Best answer: There are a lot of spiritual people who are also extremely educated and have incredibly scientific minds. The more you know about the world the more you know how much we don’t know. Maybe you could find connection by learning more about a subject that interests you to the point where you become aware of all the things we don’t even know how to ask.

Human history has a lot of these mysteries, or there’s also astronomy. We have about one percent of a single clue about how the human brain works nowadays and why it reacts to things the way it does. There are animals out there we thought were extinct and new behaviors of animals we thought we understood being studied all the time. Music is being constantly broken down and reconstructed by new artists and dances are being performed in new contexts and we still don’t particularly know why people like what they do - but musical theory is a whole area of study.

It sounds less like you are an innately atheistic person and more like you’re depressed. Not everyone who doesn’t believe feels empty and dead inside. When I’m struggling with my depression it really does help to engage in wonderment. By that I mean, I try to find something that can hold my depressed focus and learn things we don’t know about it, and wonder about them. Sometimes I can do this with fiction and then I go on a fic reading bent because that’s just a bunch of people going “I wonder what would happen if…” about a shared story and then putting that online. Sometimes I get into culinary anthropology - who was the genius Peruvian who figured out how amazing potatoes are? Sometimes it’s asking my brother mr phd in subatomic particle physics to explain planck’s constant to me. Usually it helps because instead of feeling emptiness I feel an awareness of all the things we don’t know - the emptiness is full of things I just don’t know or understand, but I can keep asking questions and trying to get answers.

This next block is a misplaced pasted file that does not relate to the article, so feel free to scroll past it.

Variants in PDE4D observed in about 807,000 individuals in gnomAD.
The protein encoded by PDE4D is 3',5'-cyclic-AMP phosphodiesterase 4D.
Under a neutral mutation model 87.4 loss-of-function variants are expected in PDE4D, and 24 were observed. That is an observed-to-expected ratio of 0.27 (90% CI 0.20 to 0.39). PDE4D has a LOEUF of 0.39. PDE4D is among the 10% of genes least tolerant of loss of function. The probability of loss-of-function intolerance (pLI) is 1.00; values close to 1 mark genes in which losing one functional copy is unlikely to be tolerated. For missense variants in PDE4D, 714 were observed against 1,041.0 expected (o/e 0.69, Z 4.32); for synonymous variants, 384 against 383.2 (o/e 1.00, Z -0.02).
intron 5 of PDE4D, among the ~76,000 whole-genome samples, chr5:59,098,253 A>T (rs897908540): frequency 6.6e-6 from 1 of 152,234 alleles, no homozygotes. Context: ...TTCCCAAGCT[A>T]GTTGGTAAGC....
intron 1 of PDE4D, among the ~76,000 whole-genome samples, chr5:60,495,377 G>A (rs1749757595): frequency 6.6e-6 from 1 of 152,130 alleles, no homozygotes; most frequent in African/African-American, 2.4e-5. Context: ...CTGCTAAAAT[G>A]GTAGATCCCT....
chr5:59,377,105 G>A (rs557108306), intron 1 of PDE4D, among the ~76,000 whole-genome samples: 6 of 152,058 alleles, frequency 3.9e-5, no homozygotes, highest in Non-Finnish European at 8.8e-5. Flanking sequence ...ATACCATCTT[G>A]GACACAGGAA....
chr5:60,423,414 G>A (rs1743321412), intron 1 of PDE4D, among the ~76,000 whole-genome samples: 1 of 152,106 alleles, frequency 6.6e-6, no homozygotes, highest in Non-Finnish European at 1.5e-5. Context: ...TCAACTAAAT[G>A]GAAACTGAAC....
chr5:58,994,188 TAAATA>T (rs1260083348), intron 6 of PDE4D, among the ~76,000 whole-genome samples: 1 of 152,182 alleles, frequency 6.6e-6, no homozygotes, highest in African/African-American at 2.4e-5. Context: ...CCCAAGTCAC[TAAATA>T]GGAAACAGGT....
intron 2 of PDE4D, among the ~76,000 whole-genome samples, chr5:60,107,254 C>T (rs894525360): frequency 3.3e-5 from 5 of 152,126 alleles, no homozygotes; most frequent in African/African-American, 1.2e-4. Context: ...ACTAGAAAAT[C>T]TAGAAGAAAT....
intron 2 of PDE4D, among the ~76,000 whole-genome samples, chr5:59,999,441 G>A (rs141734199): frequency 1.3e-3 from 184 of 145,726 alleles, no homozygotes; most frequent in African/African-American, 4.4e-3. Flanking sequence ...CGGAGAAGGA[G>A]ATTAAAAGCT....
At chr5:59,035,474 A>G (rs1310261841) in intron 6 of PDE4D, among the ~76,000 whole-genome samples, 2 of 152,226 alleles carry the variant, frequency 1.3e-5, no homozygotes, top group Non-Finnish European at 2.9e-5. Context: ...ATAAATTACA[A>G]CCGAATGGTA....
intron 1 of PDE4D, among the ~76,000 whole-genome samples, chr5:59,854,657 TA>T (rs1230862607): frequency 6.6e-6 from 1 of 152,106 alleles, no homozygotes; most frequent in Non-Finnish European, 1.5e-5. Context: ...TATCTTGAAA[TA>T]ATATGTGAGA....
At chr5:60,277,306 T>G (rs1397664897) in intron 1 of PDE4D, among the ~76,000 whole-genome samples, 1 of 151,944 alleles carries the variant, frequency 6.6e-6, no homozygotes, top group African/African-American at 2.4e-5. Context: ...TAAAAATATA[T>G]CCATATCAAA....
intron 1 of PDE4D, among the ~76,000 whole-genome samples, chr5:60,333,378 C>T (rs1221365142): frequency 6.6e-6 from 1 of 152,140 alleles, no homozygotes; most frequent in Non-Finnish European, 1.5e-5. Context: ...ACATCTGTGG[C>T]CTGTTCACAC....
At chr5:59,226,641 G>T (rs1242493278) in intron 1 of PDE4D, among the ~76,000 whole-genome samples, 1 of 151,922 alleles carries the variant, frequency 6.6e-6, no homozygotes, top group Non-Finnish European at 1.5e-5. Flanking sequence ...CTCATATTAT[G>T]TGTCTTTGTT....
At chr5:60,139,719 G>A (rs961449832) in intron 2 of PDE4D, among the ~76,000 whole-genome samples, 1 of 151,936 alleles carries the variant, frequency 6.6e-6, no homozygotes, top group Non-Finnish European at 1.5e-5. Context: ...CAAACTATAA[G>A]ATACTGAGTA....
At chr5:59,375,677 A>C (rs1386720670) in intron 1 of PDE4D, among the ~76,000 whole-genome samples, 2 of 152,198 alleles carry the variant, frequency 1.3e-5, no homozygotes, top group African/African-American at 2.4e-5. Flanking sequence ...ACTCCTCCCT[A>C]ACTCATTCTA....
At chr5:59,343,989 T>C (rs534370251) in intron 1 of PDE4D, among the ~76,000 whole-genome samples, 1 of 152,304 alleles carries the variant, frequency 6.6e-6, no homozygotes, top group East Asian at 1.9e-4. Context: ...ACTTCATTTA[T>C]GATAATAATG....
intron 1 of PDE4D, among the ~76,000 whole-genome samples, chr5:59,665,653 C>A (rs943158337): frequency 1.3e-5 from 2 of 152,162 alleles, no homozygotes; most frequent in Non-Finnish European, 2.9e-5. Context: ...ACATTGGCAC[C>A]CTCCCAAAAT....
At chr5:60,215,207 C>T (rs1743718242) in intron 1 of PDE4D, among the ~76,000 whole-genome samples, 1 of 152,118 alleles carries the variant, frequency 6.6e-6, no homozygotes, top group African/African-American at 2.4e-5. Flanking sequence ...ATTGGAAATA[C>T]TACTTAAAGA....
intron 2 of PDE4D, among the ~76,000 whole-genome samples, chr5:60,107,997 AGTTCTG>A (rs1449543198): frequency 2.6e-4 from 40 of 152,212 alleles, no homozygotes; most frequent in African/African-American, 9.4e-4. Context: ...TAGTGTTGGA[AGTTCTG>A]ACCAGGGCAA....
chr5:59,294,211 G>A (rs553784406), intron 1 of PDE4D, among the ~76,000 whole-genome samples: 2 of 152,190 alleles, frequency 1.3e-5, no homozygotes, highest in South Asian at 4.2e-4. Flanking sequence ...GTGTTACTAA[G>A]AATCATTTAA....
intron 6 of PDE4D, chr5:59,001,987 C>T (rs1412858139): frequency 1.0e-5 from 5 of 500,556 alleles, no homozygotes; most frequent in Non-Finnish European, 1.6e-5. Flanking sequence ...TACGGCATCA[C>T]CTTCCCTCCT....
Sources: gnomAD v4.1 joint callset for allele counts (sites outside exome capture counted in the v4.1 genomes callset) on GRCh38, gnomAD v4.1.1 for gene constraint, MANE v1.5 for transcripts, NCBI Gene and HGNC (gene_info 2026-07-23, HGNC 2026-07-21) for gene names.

posted by Mizu at 8:00 PM on November 1, 2022 [17 favorites]

Yes, in college I felt that way. Before college I had few friends and much structure, during college I had many friends and no structure. I am now 69 so there was hope for me, and there probably is for you also.